To name every type and variation of electrical connectors in existence would be like counting grains of sand on a beach—the options are virtually limitless. What we can do is break electrical connectors down into general categories and subcategories to help you understand the expansive inventory of products available to you. Let’s start with the basics.
3 Basic Connector Types
In-Line Cable Connectors: Are permanently attached to cable ends, enabling the cable to be plugged into a terminal (either a device or another cable).
Board Mount Connectors: Are soldered to a printed circuit board (PCB) to allow for cable or wire attachment.
Panel Mount Connectors: Permanently attach to a piece of equipment, allowing users to connect power or signal cables to a stationary device.
2 Connector Variations
Rectangular Connectors: Are ideal for modular machines (factory automation, robotics, transportation, etc.) because they are highly customizable, fit into tight spaces, and easily combine multiple media, such as power, signal, coax, etc.
Circular Connectors: Are commonly used for free-hanging connections that pass through a cable tray or connections mounted on a panel. These electrical connectors are also commonly used in rugged environments where IP ratings, EMI/RFI shielding, and other protective measures are required.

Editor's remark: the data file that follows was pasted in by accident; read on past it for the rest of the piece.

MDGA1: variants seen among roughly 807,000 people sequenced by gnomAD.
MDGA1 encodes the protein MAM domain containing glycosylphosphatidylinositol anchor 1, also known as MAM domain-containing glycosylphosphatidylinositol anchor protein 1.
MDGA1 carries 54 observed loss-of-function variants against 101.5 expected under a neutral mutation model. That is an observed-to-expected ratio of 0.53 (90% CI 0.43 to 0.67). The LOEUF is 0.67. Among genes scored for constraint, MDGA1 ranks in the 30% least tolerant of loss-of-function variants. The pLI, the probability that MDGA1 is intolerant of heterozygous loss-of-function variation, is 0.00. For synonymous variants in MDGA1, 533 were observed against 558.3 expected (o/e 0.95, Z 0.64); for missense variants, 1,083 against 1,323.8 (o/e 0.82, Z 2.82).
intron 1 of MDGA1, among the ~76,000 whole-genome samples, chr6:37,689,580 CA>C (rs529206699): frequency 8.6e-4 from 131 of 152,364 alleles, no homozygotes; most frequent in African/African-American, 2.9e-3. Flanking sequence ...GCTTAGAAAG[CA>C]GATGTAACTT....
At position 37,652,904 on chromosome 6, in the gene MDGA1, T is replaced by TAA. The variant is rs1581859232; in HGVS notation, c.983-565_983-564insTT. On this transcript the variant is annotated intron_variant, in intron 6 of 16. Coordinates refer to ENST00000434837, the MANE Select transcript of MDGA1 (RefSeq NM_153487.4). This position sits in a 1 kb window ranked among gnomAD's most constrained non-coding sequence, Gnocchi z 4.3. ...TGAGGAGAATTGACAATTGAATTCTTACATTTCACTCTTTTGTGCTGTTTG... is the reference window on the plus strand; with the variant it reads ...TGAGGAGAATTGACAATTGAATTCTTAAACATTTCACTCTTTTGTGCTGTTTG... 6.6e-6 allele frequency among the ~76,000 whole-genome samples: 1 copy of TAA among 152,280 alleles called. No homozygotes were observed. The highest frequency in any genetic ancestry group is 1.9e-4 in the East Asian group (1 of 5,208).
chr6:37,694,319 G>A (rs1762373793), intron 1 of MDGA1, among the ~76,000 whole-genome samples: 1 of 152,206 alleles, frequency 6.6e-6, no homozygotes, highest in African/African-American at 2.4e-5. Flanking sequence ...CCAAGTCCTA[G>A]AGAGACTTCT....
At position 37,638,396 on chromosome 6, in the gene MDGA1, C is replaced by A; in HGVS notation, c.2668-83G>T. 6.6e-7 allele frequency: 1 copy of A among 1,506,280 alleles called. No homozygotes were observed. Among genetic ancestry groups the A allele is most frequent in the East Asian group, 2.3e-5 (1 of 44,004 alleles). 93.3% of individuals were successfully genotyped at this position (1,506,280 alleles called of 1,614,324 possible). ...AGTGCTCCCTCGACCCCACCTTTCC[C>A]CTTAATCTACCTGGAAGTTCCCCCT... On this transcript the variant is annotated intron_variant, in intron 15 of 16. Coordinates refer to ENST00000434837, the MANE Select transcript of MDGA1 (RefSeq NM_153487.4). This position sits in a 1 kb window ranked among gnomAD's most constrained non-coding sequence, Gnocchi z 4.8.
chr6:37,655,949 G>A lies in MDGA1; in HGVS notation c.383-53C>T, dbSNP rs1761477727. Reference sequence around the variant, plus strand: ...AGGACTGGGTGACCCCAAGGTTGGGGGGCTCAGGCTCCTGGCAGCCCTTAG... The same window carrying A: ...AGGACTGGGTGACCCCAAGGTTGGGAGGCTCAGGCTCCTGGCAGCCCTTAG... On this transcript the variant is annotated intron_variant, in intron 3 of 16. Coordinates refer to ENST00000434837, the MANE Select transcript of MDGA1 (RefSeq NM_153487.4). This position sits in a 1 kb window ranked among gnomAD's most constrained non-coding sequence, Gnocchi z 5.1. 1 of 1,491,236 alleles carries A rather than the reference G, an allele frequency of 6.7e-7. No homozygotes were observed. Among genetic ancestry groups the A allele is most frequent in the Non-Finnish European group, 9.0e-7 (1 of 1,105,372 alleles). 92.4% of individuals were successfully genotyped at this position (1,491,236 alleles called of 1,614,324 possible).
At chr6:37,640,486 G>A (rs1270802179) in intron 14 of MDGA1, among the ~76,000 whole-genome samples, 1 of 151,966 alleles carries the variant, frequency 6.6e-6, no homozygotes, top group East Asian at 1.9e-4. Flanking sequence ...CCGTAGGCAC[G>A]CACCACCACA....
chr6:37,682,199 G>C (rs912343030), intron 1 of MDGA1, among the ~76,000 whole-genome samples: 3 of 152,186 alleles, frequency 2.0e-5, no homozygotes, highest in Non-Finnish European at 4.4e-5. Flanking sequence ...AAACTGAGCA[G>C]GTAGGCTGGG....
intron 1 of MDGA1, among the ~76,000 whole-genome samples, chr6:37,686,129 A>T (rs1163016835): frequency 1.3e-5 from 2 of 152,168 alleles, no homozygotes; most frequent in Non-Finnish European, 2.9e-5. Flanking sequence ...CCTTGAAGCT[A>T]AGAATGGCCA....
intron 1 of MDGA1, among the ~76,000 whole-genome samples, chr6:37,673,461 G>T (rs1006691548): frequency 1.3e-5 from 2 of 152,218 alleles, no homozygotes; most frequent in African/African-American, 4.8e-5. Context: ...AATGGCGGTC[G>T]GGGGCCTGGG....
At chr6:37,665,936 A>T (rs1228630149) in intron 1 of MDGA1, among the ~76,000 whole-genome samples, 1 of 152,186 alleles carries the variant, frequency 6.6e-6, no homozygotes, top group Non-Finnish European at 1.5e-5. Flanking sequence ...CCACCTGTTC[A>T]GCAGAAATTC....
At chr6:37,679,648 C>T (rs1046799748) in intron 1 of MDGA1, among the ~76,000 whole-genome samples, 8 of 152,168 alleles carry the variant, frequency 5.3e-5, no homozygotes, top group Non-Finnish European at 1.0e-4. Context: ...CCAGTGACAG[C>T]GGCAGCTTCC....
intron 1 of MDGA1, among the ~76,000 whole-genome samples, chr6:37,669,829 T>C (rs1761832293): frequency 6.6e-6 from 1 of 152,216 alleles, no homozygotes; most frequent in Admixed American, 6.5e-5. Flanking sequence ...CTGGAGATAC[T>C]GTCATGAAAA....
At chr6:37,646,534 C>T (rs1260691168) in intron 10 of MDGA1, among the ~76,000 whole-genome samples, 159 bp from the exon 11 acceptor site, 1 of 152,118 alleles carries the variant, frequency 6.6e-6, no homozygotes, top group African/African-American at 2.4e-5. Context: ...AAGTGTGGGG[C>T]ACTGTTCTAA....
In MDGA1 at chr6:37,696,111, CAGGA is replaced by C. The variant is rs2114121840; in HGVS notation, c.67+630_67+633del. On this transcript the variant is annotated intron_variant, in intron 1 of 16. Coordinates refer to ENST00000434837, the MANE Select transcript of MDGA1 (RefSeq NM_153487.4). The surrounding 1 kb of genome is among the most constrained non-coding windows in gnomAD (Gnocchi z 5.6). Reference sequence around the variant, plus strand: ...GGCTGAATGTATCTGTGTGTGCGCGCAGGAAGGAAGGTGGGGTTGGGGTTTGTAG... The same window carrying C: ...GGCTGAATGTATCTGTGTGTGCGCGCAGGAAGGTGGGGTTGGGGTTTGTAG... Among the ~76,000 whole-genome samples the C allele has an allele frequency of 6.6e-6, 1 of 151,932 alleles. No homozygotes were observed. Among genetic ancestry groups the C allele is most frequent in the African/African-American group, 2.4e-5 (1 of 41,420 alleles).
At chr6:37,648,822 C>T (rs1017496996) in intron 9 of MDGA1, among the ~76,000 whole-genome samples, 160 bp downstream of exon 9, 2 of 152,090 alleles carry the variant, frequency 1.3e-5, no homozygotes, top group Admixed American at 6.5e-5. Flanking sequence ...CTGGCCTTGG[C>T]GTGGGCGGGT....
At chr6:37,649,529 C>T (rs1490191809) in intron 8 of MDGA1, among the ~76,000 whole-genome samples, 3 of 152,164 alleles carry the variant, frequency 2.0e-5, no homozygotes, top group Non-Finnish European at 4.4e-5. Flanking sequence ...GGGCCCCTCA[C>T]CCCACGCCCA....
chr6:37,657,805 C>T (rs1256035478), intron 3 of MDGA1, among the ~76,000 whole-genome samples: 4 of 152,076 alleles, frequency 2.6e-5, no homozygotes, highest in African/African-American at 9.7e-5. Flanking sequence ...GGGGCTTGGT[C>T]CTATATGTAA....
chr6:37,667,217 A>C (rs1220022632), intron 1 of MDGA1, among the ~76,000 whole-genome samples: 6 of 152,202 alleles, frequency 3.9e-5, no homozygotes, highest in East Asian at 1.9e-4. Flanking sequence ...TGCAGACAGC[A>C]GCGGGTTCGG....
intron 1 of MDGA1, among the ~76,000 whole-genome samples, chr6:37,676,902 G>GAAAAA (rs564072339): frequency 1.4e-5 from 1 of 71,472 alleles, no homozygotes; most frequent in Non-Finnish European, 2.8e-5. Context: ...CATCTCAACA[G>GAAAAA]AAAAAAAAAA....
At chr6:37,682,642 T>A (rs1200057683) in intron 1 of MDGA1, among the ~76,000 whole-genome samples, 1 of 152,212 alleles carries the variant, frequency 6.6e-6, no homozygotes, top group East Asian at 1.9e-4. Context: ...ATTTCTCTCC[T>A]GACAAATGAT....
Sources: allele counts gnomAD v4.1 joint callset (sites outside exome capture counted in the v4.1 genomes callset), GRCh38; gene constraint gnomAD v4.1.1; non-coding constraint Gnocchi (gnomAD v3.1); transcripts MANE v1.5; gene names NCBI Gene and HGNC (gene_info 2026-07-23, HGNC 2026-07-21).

Quick connect couplings are designed to replace threaded or flanged connections with plastic fittings that allow technicians to replace lines quickly and easily.
Snaplock couplings are a compression coupling designed for quick release and simple, tool-free installation.
Threaded couplings have internal male and female threads (hence the name) that screw together to form a strong, seamless connection.
Bayonet couplings involve plugging and twisting a male device with contact pins into a female end with matching sockets. An L-shaped slot and spring mechanism on the female end locks the connection into place.
Push-Pull couplings involve a strong locking mechanism to prevent accidental disconnects. The coupling can only be released by squeezing the connector body.
Crimping: The process of adjoining a wire to a wire or a wire to a terminal by using a tool or machine to deform and compress metal parts until they form a gas-tight bond.
Soldering: The process of adjoining a wire to an electrical component using solder material that is melted onto the joint, creating a permanent bond while simultaneously acting as a conductor of electricity.
Specialized Electrical Connectors
The type of electrical connector you purchase or develop will depend entirely on the application, electrical requirements, mechanical needs, and environmental factors.
Rugged connectors overmolded with plastic resin to withstand extreme temperatures, abrasion, tension, and other elements that can put strain on a connector design.
Wet-mate connectors are engineered with niobium technology that acts as a water-friendly insulator, making the cable assembly truly waterproof (not just water-resistant).
Connectors can be purchased off-the-shelf in standard designs and configurations. Standard connectors can also be modified to meet unique application requirements or custom designed from scratch to ensure the perfect fit and performance.